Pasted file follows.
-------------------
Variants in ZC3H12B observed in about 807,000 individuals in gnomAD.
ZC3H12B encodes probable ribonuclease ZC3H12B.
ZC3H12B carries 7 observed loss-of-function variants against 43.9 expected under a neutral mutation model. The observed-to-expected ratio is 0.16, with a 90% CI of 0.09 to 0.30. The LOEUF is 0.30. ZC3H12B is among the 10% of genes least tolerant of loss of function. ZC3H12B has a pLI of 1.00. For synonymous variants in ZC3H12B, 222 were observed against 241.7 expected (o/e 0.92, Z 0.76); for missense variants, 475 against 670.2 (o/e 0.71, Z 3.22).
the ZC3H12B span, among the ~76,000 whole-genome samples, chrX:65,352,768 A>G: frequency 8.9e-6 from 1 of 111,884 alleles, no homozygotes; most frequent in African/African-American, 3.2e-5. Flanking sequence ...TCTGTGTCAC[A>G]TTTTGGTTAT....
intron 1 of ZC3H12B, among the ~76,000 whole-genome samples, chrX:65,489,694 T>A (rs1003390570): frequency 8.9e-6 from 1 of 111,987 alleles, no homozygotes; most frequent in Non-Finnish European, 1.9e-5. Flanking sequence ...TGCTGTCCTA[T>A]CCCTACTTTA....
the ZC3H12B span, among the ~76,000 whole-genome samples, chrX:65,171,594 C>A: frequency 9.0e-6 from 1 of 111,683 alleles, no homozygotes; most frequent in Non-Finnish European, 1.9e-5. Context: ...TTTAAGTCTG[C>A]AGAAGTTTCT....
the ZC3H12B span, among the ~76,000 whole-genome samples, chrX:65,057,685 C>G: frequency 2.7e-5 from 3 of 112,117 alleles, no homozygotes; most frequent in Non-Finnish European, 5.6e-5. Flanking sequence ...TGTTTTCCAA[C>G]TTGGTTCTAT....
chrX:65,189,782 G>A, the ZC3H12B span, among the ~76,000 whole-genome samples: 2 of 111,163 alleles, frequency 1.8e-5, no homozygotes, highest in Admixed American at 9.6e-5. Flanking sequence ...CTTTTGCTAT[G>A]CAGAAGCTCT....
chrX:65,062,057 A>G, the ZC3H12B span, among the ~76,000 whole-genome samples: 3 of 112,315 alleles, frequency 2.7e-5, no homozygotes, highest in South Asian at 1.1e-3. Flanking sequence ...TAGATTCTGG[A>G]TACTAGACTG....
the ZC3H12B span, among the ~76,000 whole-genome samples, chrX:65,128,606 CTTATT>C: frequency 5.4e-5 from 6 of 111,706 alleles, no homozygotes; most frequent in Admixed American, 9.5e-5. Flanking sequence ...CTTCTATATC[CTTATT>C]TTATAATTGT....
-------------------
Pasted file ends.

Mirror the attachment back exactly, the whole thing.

Variants in ZC3H12B observed in about 807,000 individuals in gnomAD.
ZC3H12B encodes probable ribonuclease ZC3H12B.
ZC3H12B carries 7 observed loss-of-function variants against 43.9 expected under a neutral mutation model. The observed-to-expected ratio is 0.16, with a 90% CI of 0.09 to 0.30. The LOEUF is 0.30. ZC3H12B is among the 10% of genes least tolerant of loss of function. ZC3H12B has a pLI of 1.00. For synonymous variants in ZC3H12B, 222 were observed against 241.7 expected (o/e 0.92, Z 0.76); for missense variants, 475 against 670.2 (o/e 0.71, Z 3.22).
the ZC3H12B span, among the ~76,000 whole-genome samples, chrX:65,352,768 A>G: frequency 8.9e-6 from 1 of 111,884 alleles, no homozygotes; most frequent in African/African-American, 3.2e-5. Flanking sequence ...TCTGTGTCAC[A>G]TTTTGGTTAT....
intron 1 of ZC3H12B, among the ~76,000 whole-genome samples, chrX:65,489,694 T>A (rs1003390570): frequency 8.9e-6 from 1 of 111,987 alleles, no homozygotes; most frequent in Non-Finnish European, 1.9e-5. Flanking sequence ...TGCTGTCCTA[T>A]CCCTACTTTA....
the ZC3H12B span, among the ~76,000 whole-genome samples, chrX:65,171,594 C>A: frequency 9.0e-6 from 1 of 111,683 alleles, no homozygotes; most frequent in Non-Finnish European, 1.9e-5. Context: ...TTTAAGTCTG[C>A]AGAAGTTTCT....
the ZC3H12B span, among the ~76,000 whole-genome samples, chrX:65,057,685 C>G: frequency 2.7e-5 from 3 of 112,117 alleles, no homozygotes; most frequent in Non-Finnish European, 5.6e-5. Flanking sequence ...TGTTTTCCAA[C>G]TTGGTTCTAT....
chrX:65,189,782 G>A, the ZC3H12B span, among the ~76,000 whole-genome samples: 2 of 111,163 alleles, frequency 1.8e-5, no homozygotes, highest in Admixed American at 9.6e-5. Flanking sequence ...CTTTTGCTAT[G>A]CAGAAGCTCT....
chrX:65,062,057 A>G, the ZC3H12B span, among the ~76,000 whole-genome samples: 3 of 112,315 alleles, frequency 2.7e-5, no homozygotes, highest in South Asian at 1.1e-3. Flanking sequence ...TAGATTCTGG[A>G]TACTAGACTG....
the ZC3H12B span, among the ~76,000 whole-genome samples, chrX:65,128,606 CTTATT>C: frequency 5.4e-5 from 6 of 111,706 alleles, no homozygotes; most frequent in Admixed American, 9.5e-5. Flanking sequence ...CTTCTATATC[CTTATT>C]TTATAATTGT....